(Original post by suzanamarieXD)
Is there an actual rank/criteria for what constitutes what score? Like a mark scheme, essentially hahaha?
Story time involving these scores. I ... gasp ... applied to Oxford* last year, and when I asked for feedback they did send me scores for both my interview and my written work (English applicant). Oh, and the admissions exam (ELAT), but I think that's an Oxford thing only.
For reference, my interview score last year was a 4/10, which is obviously well below offer. I had a Skype interview**, and it was absolutely awful. Not that it was any scarier than normal - though I don't like Skype as much as natural conversation - but it felt rushed and we spent 5-10 minutes dealing with technical issues.
They gave me a little bit of reasoning to my low interview score, basically saying I wasn't good at analyzing the poem they gave me (absolutely right, I'd barely touched poetry before, especially not in school) and that I didn't have enough knowledge on the books I'd mentioned in my personal statement (also true, I did absolutely no revision). I, for instance, had not touched Moby **** for over a year before the interview, but I had written a sentence about reading it in my statement, and that took up a whole third of the interview!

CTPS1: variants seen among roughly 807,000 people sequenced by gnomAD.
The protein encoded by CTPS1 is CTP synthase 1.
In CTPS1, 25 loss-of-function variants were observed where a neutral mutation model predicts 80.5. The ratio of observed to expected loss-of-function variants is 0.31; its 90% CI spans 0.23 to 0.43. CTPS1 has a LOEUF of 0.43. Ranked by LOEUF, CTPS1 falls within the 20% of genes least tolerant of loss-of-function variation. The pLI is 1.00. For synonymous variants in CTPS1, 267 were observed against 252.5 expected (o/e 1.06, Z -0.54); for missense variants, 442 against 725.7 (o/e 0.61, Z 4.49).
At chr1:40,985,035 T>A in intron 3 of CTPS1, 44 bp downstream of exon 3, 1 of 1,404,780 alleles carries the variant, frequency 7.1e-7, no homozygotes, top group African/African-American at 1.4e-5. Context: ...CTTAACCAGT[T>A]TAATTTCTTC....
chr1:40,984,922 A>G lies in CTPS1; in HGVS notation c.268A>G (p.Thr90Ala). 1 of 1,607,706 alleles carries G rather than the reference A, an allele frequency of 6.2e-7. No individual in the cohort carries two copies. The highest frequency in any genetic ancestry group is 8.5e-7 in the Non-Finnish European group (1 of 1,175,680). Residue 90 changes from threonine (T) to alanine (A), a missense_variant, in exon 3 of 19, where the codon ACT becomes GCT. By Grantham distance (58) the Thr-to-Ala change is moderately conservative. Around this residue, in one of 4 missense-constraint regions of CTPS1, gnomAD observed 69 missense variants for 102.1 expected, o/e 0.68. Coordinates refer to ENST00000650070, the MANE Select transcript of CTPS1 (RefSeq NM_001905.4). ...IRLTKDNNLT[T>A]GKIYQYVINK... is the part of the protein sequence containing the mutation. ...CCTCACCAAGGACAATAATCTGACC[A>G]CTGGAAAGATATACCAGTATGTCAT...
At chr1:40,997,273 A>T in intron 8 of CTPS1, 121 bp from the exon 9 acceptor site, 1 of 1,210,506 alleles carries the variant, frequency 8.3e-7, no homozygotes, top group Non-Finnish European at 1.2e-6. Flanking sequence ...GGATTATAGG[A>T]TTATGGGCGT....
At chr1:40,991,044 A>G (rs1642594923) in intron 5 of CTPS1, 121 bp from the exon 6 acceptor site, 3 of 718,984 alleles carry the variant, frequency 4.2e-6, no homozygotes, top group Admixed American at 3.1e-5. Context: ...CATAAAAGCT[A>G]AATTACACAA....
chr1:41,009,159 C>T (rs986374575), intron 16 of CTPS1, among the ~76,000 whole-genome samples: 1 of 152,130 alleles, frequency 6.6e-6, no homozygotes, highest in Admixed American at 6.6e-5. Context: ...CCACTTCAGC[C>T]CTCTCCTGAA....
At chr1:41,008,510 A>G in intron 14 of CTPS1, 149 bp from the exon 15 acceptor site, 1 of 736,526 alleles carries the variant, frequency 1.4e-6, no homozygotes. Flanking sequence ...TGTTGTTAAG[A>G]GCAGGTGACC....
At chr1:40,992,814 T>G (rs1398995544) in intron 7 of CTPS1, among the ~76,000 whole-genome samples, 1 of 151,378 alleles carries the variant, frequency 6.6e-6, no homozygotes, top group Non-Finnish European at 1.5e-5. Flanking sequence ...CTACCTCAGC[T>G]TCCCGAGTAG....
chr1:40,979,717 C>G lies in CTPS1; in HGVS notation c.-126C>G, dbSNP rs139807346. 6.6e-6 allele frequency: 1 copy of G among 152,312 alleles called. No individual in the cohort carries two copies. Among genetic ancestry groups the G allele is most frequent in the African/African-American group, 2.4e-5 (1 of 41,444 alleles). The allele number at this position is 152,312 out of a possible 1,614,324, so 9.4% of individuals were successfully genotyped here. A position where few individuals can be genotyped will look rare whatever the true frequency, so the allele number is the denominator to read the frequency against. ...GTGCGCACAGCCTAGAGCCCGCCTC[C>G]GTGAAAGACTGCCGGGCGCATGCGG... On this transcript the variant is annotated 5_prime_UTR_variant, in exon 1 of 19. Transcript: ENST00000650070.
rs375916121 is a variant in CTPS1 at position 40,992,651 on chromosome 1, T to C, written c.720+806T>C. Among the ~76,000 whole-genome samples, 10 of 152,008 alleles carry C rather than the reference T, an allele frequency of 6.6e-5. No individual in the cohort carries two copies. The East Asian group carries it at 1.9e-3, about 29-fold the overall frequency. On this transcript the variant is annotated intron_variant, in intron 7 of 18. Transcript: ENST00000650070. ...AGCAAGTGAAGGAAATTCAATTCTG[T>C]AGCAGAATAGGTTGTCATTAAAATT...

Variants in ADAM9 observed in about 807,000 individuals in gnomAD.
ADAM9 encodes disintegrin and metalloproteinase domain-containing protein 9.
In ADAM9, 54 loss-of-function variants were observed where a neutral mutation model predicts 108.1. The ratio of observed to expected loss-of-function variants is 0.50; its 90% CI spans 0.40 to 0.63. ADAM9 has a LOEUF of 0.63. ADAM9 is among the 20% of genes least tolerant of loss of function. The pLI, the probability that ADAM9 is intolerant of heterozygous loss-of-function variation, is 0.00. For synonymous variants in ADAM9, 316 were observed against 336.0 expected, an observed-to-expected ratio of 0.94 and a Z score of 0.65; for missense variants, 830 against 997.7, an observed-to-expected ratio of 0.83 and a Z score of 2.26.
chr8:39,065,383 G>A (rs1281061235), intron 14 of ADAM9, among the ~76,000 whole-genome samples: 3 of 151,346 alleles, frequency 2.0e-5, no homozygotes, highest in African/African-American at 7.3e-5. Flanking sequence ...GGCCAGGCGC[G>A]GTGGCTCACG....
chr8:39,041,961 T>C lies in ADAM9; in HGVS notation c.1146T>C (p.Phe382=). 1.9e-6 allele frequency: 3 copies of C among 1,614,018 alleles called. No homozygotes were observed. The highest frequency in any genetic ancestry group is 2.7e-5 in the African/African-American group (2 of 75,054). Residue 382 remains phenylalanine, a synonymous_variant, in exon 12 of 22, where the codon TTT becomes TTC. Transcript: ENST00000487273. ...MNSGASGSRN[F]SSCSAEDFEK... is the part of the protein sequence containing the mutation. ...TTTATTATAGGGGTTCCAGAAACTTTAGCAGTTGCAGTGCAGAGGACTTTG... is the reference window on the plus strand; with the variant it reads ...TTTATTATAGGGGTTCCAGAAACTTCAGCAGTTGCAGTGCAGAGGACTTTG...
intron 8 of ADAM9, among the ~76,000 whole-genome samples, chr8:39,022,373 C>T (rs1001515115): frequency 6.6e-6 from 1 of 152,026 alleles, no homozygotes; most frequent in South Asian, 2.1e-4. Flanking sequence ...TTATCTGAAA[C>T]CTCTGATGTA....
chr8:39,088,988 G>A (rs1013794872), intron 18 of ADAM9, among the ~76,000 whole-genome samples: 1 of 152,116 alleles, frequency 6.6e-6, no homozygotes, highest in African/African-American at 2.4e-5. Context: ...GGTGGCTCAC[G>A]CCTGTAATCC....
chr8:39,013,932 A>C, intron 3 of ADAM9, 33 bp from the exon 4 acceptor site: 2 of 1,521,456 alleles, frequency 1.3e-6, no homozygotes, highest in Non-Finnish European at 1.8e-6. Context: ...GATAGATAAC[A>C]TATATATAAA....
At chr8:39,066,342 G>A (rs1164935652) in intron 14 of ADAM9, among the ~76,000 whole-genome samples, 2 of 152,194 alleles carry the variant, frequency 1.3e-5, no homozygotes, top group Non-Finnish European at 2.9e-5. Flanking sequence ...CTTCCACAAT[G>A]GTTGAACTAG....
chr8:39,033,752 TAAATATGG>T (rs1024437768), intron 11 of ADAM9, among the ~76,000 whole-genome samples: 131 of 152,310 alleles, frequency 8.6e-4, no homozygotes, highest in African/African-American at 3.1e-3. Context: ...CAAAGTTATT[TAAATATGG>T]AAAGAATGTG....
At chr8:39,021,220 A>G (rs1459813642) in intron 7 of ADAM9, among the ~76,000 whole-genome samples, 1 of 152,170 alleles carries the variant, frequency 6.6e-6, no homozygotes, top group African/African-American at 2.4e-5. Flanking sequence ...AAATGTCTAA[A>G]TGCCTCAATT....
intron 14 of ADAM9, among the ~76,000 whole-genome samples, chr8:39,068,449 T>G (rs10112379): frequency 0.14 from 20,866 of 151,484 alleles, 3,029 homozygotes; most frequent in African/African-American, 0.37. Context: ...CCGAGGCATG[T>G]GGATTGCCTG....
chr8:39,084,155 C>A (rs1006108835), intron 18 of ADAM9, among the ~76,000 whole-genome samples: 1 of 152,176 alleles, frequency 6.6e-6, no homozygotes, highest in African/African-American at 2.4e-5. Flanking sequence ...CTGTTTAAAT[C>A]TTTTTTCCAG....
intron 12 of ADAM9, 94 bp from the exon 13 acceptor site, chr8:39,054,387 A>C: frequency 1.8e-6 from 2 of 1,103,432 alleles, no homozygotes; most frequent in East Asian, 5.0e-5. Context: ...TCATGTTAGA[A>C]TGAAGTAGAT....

They also said I was inflexible and not well read enough (both true, but fingers crossed that I fixed those problems this time around).
So, if you were able to bring up a few points and work through the questions with some sort of method during the interview, even if you were nervous or said some daft things, chances are you did better than me last year, which means more than a 4.
Just goes to show that no matter how much you prepare, you can never really
"prepare" for an Oxbridge interview!
*Oxford have (technically) lower requirements for American students - 3 AP 5's instead of 5 - so I thought Oxford would have been "easier" to get into; wrong of course. This year I did Cambridge instead so I could try and pull off a bit of a David Mitchell
. It was really a whim decision though; my gap year is totally unrelated to reapplying and I decided to try at Cambridge just for the heck of it. I'm not expecting to get in, but I'm of course hoping. I definitely felt ten times as prepared and confident this year, even if I wasn't asked about the specific things I'd prepared on.
**I'm English but I lived in America during my high school years, and didn't have a way to come back for the interview. Skype was the only option, but it was a pretty bad option. I'd have been rejected either way, but I feel with the 20 or so minute Skype chat I wasn't given as much time as I could've used.